Apparently Dudes Who Use Female Avatars In MMORPGs Aren’t Doing It Right
There's more to being a lady than using winking smiley faces, guys!
You can play literally any type of character you want in most MMORPGs. Feel like being a dwarf? Awesome. A shapeshifer? Go for it. So of course some curious players are going to wonder what it’s like to be a gender other than the one they identify as. But when male players try to roleplay female characters, they start acting kinda weird. Like, really weird.
Researchers at Concordia University, Colorado State University, Syracuse University, Hofstra University and the University of Toronto were interested in determining whether or not socially conditioned gender norms are present in the way that we play online games. To do this, they took gameplay footage from 375 players in World of Warcraft and studied the different behaviors that each gamer exhibited, including their movement, chats, and interactions with objects in the game world. Among these players, about 23% percent of male-identified characters chose female avatars, compared to 7% of female-identified players who did the opposite.
According to the researchers’ results, which were recently published in Information, Communication and Society, male players who play female characters behave very differently than female players playing female characters, most tellingly in the way that they move. For some weird reason, they tend to “move backwards more often” and are more likely to physically distance themselves from the rest of their party. They also use a lot more smiling emoticons, tend to select more conventionally attractive avatars (duh), and jump around a lot more than female players — 116 times more on average, as a matter of fact.
The research team thinks that this could be because many male players use female avatars so that other male players will be nicer to them (which is hilarious given the way that female players are treated in a lot of other multiplayer games), so jumping around is a way to hold their attention. Regardless, the effect is the same: men who are deliberately playing as women appear to adopt different strategies based on how they think women act, and those strategies appear to be nothing like what women do in the same circumstances.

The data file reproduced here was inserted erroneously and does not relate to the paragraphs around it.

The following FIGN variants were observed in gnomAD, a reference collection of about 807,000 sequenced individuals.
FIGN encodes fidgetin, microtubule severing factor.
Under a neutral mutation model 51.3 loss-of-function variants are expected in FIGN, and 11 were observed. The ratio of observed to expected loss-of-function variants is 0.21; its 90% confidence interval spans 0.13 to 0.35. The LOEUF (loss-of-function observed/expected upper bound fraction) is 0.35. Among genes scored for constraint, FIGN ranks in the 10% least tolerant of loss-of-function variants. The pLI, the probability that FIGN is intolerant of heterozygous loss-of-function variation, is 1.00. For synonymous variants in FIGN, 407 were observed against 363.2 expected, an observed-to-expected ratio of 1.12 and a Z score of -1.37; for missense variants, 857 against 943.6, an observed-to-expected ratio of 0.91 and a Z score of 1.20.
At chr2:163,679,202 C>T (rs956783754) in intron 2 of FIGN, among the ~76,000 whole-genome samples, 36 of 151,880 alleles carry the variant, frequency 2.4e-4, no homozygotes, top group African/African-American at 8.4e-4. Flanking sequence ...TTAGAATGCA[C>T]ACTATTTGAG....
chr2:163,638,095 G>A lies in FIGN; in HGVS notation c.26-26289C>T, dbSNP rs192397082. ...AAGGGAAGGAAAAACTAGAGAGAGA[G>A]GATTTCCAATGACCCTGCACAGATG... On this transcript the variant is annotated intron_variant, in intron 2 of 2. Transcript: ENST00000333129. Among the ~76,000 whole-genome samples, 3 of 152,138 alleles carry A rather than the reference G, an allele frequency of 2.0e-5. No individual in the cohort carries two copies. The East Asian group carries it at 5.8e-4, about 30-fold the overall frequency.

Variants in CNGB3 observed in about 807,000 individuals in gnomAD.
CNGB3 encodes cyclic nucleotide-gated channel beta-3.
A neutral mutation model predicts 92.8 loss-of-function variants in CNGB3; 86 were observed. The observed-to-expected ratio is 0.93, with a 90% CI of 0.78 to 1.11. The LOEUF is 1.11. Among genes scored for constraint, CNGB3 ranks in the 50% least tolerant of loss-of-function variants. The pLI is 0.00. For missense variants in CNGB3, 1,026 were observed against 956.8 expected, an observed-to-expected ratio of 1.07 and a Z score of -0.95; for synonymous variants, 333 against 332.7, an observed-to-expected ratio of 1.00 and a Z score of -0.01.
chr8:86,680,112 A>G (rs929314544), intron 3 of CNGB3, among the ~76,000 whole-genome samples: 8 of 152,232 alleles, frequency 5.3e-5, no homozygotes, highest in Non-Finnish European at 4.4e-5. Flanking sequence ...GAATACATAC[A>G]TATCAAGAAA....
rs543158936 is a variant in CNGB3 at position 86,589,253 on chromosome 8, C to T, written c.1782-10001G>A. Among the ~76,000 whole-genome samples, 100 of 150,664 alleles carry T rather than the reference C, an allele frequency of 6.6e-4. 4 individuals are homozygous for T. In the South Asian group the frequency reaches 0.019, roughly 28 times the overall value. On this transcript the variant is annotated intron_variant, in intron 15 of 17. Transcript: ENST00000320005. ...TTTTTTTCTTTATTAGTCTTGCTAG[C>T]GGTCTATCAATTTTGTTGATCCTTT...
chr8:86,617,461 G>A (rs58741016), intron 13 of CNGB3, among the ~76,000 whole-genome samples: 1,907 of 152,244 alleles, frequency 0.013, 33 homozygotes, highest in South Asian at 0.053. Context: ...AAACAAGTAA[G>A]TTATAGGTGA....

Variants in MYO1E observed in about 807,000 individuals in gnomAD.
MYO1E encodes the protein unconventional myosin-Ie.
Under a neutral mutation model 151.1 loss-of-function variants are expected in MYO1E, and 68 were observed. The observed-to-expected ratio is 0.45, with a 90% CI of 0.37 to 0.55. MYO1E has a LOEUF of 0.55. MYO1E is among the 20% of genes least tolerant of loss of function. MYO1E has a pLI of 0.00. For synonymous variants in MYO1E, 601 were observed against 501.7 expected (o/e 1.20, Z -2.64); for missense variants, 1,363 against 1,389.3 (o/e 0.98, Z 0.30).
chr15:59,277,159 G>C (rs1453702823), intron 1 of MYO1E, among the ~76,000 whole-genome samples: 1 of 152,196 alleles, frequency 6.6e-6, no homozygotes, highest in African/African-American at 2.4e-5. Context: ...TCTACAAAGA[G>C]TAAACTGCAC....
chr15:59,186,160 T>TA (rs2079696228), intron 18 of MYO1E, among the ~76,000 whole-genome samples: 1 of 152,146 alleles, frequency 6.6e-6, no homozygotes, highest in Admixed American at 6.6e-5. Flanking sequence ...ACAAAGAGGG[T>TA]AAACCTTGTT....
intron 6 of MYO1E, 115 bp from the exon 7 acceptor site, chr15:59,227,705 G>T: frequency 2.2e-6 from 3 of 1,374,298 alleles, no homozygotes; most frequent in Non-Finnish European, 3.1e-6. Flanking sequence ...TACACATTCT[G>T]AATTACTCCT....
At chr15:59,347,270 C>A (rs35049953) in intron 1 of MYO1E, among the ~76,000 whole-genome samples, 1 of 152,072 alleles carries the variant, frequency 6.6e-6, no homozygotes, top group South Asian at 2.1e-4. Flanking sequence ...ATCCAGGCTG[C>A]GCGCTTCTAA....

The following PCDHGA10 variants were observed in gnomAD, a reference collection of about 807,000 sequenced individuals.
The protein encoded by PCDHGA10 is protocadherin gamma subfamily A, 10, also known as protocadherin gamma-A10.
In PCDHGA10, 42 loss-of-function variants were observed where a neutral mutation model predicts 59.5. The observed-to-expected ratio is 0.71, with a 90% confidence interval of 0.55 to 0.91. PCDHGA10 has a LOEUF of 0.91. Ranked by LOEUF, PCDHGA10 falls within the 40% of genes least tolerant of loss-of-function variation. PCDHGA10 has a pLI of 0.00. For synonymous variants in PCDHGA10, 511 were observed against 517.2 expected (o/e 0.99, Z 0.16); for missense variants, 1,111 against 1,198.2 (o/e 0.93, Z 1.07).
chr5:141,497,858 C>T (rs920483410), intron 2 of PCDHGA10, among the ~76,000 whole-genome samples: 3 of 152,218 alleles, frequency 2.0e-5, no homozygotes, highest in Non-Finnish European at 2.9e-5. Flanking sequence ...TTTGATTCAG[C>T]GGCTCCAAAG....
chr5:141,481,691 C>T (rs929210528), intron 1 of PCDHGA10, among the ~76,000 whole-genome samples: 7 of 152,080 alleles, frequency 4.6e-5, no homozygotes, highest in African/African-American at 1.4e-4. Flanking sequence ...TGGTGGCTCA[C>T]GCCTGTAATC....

“Our findings support feminist theories suggesting that although gender is a powerful social category, there is a range of ways it can be performed,” Concordia University professor Mia Consalvo said. “Men may not necessarily try to mask their offline gender when they use a female avatar, but our study shows they do reinforce idealized notions of feminine appearance and communication.”
Of course, the study isn’t a perfect smackdown of performative gender roles. The sample size is admittedly very small, and it’s hard to tell if they were able to take the behaviors of trans or non-binary players into account, or if such players were even sought out (see the edit below for more on this). But the idea that much of gender is dependent on tightly constructed social expectations? That’s something we can get behind.
And if you do see a female-avatar in World of Warcraft who’s jumping up and down and :)-ing at you a lot? Don’t question it too much or try to “out” the gender they identify with offline. It’s just a game, after all. Who cares what the person on the other end of the sexy elf ranger is like in real life?
EDIT 5/8/2014 12:37pm: It was pointed out to me on Twitter that my initial write-up messed some stuff up, so I want to sincerely apologize and make my own views a little clearer for the record. From what I can tell, I don’t think that the study did enough to move past the outdated idea of gender binarism, which is not good at all. However, I do think the conclusion that the study comes to — that gender expression is often very performative on a subconscious level — is definitely worth talking about. And, of course, the performative nature of gender doesn’t make it less valid, which is why we should all try not to be jerks to people based on how we think they should be identifying or acting. Online or off, that’s no way to be.
(via Phys.org, image via Pyckle’s Fashion Plates)
- Designing your own avatar gives you a closer bond to that character
- Female characters in Second Life are way more scantily clad
- Facebook recently made their gender preferences much more inclusive
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